His main research concerns Lipoarabinomannan, Biochemistry, Lipomannan, Microbiology and Mycobacterium tuberculosis. His Lipoarabinomannan research incorporates themes from Tumor necrosis factor alpha, Mycobacterium leprae, Immune system and Endosome. His Biochemistry study combines topics from a wide range of disciplines, such as Mycobacterium and Mycobacterium smegmatis.
His Lipomannan research includes themes of Phosphatidylinositol, Mannose and Mannan. His Microbiology research incorporates elements of T cell, Glycosylation, Bacteria, Enzyme and Virulence. The various areas that Delphi Chatterjee examines in his Mycobacterium tuberculosis study include Phagosome, Bacilli and In vitro toxicology.
Delphi Chatterjee mainly investigates Biochemistry, Lipoarabinomannan, Microbiology, Mycobacterium tuberculosis and Mycobacterium. His studies in Biochemistry integrate themes in fields like Stereochemistry and Mycobacterium smegmatis. His research in Lipoarabinomannan is mostly focused on Lipomannan.
As a part of the same scientific family, Delphi Chatterjee mostly works in the field of Microbiology, focusing on Tumor necrosis factor alpha and, on occasion, Secretion. His Mycobacterium tuberculosis study focuses on Ethambutol in particular. His research in Mycobacterium intersects with topics in Oligosaccharide, Serotype and Hapten, Antigen.
His primary scientific interests are in Lipoarabinomannan, Mycobacterium tuberculosis, Biochemistry, Microbiology and Mycobacterium smegmatis. His study in Lipoarabinomannan is interdisciplinary in nature, drawing from both Mycobacterium, Immunology, Antigen, Immunoassay and Urine. His Mycobacterium tuberculosis study incorporates themes from Epitope, Chromatography, Drug resistance and Virology.
His Biochemistry study frequently intersects with other fields, such as Lipomannan. His Lipomannan study deals with Peptidoglycan intersecting with Mycolic acid. His work in the fields of Antimicrobial overlaps with other areas such as Oxazines.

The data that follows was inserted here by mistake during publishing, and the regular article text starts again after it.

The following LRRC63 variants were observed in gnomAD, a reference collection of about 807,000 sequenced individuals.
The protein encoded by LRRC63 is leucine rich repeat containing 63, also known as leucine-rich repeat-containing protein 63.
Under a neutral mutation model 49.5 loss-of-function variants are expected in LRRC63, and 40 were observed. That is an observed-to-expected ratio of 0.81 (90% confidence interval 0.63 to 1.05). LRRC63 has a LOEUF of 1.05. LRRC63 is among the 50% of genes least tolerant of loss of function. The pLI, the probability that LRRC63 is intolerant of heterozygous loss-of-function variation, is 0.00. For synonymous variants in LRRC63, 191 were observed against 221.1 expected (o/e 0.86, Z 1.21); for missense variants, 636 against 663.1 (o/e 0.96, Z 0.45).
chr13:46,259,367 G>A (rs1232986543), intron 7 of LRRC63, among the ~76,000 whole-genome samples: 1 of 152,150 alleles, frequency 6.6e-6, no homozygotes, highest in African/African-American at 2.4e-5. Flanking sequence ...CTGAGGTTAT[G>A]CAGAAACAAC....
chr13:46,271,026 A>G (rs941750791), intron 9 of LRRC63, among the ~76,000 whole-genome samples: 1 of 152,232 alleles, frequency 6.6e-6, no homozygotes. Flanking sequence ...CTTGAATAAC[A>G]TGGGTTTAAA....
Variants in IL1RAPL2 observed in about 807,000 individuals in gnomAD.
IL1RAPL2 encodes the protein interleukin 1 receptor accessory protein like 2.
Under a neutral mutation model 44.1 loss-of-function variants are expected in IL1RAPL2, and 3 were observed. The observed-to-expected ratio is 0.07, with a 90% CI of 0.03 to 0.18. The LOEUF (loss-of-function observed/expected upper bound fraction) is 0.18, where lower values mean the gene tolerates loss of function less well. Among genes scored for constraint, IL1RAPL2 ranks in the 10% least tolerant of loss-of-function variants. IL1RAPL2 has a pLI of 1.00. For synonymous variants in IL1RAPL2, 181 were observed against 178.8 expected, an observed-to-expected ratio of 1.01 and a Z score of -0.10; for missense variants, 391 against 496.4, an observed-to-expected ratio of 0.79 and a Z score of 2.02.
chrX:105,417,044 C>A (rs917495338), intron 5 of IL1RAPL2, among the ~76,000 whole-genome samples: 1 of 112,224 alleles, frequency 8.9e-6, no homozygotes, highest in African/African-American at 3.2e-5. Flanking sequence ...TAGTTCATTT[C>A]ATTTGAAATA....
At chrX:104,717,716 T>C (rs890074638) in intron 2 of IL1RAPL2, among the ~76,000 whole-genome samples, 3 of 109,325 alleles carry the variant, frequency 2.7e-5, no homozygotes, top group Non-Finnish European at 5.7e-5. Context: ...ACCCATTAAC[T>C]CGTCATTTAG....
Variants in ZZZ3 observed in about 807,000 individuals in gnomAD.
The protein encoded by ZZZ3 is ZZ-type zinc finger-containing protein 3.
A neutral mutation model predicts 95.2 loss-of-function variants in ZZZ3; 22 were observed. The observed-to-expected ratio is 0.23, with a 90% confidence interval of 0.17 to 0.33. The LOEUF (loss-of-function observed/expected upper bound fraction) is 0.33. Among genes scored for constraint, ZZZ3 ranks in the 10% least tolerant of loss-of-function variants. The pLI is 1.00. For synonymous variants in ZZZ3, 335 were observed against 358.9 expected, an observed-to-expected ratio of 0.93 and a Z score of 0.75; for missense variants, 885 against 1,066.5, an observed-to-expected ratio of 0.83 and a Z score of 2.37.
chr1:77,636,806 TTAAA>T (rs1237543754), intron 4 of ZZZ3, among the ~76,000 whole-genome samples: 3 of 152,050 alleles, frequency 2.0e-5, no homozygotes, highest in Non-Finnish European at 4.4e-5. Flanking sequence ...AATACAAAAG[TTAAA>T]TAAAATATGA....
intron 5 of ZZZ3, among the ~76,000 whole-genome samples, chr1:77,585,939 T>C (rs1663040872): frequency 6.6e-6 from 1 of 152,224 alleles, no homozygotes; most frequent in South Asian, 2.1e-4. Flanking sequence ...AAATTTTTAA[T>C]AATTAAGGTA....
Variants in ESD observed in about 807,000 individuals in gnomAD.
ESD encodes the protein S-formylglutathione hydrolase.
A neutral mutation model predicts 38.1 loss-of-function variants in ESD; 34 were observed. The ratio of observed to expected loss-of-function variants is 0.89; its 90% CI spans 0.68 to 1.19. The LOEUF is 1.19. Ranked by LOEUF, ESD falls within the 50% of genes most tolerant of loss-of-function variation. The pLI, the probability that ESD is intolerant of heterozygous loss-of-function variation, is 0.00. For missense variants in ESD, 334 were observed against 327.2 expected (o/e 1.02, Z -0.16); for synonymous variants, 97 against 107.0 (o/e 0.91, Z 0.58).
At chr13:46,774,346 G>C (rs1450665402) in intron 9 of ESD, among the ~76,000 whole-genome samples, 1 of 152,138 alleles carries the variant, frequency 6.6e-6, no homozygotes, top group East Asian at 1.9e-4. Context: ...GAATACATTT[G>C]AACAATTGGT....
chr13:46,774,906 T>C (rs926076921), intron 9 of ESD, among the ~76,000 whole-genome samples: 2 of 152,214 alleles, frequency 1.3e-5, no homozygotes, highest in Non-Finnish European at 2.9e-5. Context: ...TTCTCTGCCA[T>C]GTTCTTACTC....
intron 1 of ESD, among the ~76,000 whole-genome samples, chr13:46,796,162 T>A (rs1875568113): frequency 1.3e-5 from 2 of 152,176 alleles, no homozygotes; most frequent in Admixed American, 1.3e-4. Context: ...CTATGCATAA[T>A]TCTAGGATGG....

His primary areas of study are Mycobacterium tuberculosis, Lipoarabinomannan, Biochemistry, Antigen and Mycobacterium smegmatis. His research integrates issues of Virulence, Immune system and Drug resistance, Microbiology in his study of Mycobacterium tuberculosis. His research on Lipoarabinomannan often connects related topics like Cell wall.
His work on Enzyme, Metabolic pathway and Glutathione as part of general Biochemistry research is frequently linked to Phosphocholine and Pentose phosphate pathway, bridging the gap between disciplines. While the research belongs to areas of Antigen, he spends his time largely on the problem of Antibody, intersecting his research to questions surrounding Leprosy, Mycobacterium leprae and Virology. The Mycobacterium smegmatis study combines topics in areas such as Arabinogalactan, Glycosyltransferase, Corynebacterium glutamicum and Trehalose dimycolate.
This overview was generated by a machine learning system which analysed the scientist’s body of work. If you have any feedback, you can contact us here.
CD1-restricted T cell recognition of microbial lipoglycan antigens.
P. A. Sieling;D. Chatterjee;S. A. Porcelli;T. I. Prigozy.
Mycobacterial lipoarabinomannan: An extraordinary lipoheteroglycan with profound physiological effects
Delphi Chatterjee;Kay-Hooi Khoo.
Trafficking and release of mycobacterial lipids from infected macrophages.
Wandy L. Beatty;Elizabeth R. Rhoades;Heinz-Joachim Ullrich;Delphi Chatterjee.
Intracellular trafficking in Mycobacterium tuberculosis and Mycobacterium avium-infected macrophages.
Songmei Xu;A. Cooper;S. Sturgill-Koszycki;T. Van Heyningen.
Journal of Immunology (1994)
Cytokine production induced by Mycobacterium tuberculosis lipoarabinomannan. Relationship to chemical structure.
P F Barnes;D Chatterjee;J S Abrams;S Lu.
Journal of Immunology (1992)
Lipoarabinomannan of Mycobacterium tuberculosis. Capping with mannosyl residues in some strains.
D Chatterjee;K Lowell;B Rivoire;M.R. McNeil.
Journal of Biological Chemistry (1992)
Structural basis of capacity of lipoarabinomannan to induce secretion of tumor necrosis factor.
D Chatterjee;A D Roberts;K Lowell;P J Brennan.
Infection and Immunity (1992)
Macrophage activation: lipoarabinomannan from avirulent and virulent strains of Mycobacterium tuberculosis differentially induces the early genes c-fos, KC, JE, and tumor necrosis factor-alpha.
T. I. A. Roach;C. H. Barton;D. Chatterjee;J. M. Blackwell.
Journal of Immunology (1993)
CD1c restricts responses of mycobacteria-specific T cells. Evidence for antigen presentation by a second member of the human CD1 family.
E M Beckman;A Melián;S M Behar;P A Sieling.
Journal of Immunology (1996)
Molecular Interaction of CD1b with Lipoglycan Antigens
William A Ernst;Juli Maher;Juli Maher;Sungae Cho;Kayvan R Niazi.
If you think any of the details on this page are incorrect, let us know.
We appreciate your kind effort to assist us to improve this page, it would be helpful providing us with as much detail as possible in the text box below: